Mobile phones could detect common diseases
The camera in an ordinary mobile phone could be used as a microscope for early, easy and cheap detection of common parasitical and bacterial diseases. The organisms are first identified in a portable nanotechnological detector, developed at Lund University’s Faculty of Engineering, which is then plugged in to the phone for enlargement, thanks to a technology developed in the US.
This “mobile microscope” is primarily intended for use in field work in Africa and Asia, where the nearest hospital may be very far away and there is a shortage of necessary equipment, but mobile phones are nevertheless common.
“The needs are greatest there, but there is nothing to prevent the technology eventually also being used in Swedish primary healthcare centres”, says Jonas Tegenfeldt, professor of solid state physics at the Faculty of Engineering, who has now received an additional three million SEK from the Swedish Research Council to further develop the technology.
The Lund researchers’ technology analyses the organisms’ DNA and does not require a culture, which means that healthcare staff or aid workers receive the test result rapidly without the trouble and expense of sending the sample away for analysis.
“The analysis is also more precise. This eliminates the need to use broad spectrum antibiotics, which fuel resistance and can have side-effects.”
The technology will be tested on location in Ghana and Tanzania, where diseases such as sleeping sickness and malaria are common. If everything goes well, the technology could be in place at the earliest five years from now.
Text: Kristina Lindgärde
Who developed the technology?
The microscope technology itself was developed by Professor Aydogan Ozcan at the University of Californa (UCLA) whereas the associated DNA analysis is under development in Lund. The project also includes researchers from Glasgow and Karolinska institutet in Stockholm, who have the medical expertise required for the project on bacterial and parasitical diseases, respectively. One research team at Chalmers, led by Fredrik Westerlund, contributes its expertise in the field of DNA-based detection of resistance to antibiotics in bacteria.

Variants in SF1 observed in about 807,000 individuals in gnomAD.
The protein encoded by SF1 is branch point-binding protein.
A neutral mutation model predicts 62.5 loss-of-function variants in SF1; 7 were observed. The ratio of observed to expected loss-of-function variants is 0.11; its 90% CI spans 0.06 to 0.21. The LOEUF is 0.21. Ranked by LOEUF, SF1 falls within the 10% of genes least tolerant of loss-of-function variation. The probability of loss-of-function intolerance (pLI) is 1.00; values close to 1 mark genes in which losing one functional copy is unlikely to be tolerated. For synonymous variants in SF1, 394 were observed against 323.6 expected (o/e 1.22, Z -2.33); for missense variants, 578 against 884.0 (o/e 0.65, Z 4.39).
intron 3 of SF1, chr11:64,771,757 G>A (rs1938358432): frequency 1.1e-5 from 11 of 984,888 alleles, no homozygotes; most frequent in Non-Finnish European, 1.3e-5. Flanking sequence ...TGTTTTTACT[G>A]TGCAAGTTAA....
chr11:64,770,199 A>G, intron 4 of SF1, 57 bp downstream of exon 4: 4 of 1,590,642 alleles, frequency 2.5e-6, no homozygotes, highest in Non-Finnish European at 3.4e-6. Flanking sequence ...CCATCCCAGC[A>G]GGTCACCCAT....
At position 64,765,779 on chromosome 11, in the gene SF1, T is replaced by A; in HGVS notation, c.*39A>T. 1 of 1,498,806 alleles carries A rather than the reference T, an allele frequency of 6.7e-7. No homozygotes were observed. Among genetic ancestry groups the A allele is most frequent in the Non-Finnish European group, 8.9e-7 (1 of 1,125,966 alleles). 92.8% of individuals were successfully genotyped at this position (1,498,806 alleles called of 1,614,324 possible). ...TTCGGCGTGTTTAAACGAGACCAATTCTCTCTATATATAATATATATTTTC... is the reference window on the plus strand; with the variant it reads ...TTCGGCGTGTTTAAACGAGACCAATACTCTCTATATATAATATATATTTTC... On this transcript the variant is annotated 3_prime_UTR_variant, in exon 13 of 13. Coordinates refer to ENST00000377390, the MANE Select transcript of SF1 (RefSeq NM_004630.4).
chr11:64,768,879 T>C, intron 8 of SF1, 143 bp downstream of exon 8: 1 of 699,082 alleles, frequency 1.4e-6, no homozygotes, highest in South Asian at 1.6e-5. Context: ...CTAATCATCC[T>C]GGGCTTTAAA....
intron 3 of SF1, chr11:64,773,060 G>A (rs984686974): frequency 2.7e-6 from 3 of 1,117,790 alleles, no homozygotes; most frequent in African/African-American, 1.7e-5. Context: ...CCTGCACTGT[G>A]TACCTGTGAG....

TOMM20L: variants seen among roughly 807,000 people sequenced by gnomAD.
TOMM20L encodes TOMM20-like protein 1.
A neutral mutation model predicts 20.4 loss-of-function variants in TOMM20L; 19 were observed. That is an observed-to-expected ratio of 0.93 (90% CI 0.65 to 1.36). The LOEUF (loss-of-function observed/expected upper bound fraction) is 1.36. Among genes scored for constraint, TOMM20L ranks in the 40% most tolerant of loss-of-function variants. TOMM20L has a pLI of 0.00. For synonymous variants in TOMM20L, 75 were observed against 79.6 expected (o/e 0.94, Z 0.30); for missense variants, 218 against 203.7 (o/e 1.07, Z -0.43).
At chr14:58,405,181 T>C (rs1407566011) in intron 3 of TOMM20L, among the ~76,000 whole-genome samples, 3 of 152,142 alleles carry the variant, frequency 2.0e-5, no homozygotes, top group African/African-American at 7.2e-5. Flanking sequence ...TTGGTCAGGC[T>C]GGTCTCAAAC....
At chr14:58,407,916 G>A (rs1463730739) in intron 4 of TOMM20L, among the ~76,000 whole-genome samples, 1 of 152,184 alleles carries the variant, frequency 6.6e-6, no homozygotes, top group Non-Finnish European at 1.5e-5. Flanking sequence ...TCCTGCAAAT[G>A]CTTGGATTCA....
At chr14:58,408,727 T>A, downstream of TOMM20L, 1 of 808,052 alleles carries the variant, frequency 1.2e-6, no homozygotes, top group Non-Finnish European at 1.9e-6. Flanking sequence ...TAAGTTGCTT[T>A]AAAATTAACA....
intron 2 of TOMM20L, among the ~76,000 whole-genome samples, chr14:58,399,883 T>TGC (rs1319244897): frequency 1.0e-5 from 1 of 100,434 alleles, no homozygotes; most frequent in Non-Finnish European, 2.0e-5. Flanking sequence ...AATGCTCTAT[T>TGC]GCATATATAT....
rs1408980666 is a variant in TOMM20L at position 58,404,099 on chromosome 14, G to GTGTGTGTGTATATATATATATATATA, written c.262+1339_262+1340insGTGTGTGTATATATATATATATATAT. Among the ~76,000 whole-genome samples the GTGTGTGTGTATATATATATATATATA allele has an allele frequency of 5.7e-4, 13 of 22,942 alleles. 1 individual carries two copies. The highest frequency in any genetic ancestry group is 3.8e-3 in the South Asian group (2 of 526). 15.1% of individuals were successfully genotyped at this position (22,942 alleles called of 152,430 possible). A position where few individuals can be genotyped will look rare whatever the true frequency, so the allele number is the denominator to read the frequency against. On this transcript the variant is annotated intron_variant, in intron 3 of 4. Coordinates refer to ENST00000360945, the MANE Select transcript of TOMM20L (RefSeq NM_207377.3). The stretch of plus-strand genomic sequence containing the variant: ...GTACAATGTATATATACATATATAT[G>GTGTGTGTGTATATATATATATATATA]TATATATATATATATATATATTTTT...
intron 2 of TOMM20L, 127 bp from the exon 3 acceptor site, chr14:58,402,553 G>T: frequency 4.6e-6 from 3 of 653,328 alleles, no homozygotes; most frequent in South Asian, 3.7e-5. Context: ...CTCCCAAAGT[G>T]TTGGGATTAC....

How it works
A blood sample is first analysed in a portable, nanotechnological detector. The blood is conducted into microscopic channels where it is decomposed. DNA from the pathogenic organisms is captured and then spread out in extremely narrow micro- and then nano-channels.
As infectious bacteria and parasites are characterised by their different size and shape, it then becomes possible to extract them and identify which genes and, by extension, which pathogenic organisms the patient is carrying. The detector is plugged into the mobile phone, whose camera enlarges the image through a technique which, in very simple terms, takes a picture of fluorescent light from dyes bound to the DNA molecules. Then the test result is sent via SMS to a central clinic for diagnosis.
“Visualizing the entire DNA from a chromosome in a single frame”, Biomicrofluidics, 9, 044114 (2015) DOI: 10.1063/1.4923262 http://www.ncbi.nlm.nih.gov/pmc/articles/PMC4570469/